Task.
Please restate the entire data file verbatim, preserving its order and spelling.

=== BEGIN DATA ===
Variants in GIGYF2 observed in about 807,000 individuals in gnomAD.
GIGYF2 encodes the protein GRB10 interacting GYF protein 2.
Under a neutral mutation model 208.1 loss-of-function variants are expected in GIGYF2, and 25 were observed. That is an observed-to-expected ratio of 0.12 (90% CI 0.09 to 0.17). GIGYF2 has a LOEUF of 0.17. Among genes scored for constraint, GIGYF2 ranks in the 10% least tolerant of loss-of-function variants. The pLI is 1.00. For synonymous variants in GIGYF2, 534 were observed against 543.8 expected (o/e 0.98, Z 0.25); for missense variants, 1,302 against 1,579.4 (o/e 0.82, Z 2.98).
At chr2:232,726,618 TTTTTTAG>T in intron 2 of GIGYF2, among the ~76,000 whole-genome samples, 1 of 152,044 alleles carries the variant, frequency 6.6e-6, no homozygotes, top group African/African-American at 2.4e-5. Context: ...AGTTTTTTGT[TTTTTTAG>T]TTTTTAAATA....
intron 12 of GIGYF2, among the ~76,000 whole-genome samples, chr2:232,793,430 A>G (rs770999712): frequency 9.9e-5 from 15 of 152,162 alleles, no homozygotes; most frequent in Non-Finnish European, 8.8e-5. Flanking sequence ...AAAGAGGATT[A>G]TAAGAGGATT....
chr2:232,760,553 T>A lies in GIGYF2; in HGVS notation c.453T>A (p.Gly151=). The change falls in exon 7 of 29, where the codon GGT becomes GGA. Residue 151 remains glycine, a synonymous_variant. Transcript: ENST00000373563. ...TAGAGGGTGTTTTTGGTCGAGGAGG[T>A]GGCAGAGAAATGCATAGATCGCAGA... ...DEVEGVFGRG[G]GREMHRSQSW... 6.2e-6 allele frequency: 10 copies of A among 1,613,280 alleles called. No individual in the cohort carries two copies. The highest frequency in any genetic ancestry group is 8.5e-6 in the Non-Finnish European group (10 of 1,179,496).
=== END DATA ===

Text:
Variants in GIGYF2 observed in about 807,000 individuals in gnomAD.
GIGYF2 encodes the protein GRB10 interacting GYF protein 2.
Under a neutral mutation model 208.1 loss-of-function variants are expected in GIGYF2, and 25 were observed. That is an observed-to-expected ratio of 0.12 (90% CI 0.09 to 0.17). GIGYF2 has a LOEUF of 0.17. Among genes scored for constraint, GIGYF2 ranks in the 10% least tolerant of loss-of-function variants. The pLI is 1.00. For synonymous variants in GIGYF2, 534 were observed against 543.8 expected (o/e 0.98, Z 0.25); for missense variants, 1,302 against 1,579.4 (o/e 0.82, Z 2.98).
At chr2:232,726,618 TTTTTTAG>T in intron 2 of GIGYF2, among the ~76,000 whole-genome samples, 1 of 152,044 alleles carries the variant, frequency 6.6e-6, no homozygotes, top group African/African-American at 2.4e-5. Context: ...AGTTTTTTGT[TTTTTTAG>T]TTTTTAAATA....
intron 12 of GIGYF2, among the ~76,000 whole-genome samples, chr2:232,793,430 A>G (rs770999712): frequency 9.9e-5 from 15 of 152,162 alleles, no homozygotes; most frequent in Non-Finnish European, 8.8e-5. Flanking sequence ...AAAGAGGATT[A>G]TAAGAGGATT....
chr2:232,760,553 T>A lies in GIGYF2; in HGVS notation c.453T>A (p.Gly151=). The change falls in exon 7 of 29, where the codon GGT becomes GGA. Residue 151 remains glycine, a synonymous_variant. Transcript: ENST00000373563. ...TAGAGGGTGTTTTTGGTCGAGGAGG[T>A]GGCAGAGAAATGCATAGATCGCAGA... ...DEVEGVFGRG[G]GREMHRSQSW... 6.2e-6 allele frequency: 10 copies of A among 1,613,280 alleles called. No individual in the cohort carries two copies. The highest frequency in any genetic ancestry group is 8.5e-6 in the Non-Finnish European group (10 of 1,179,496).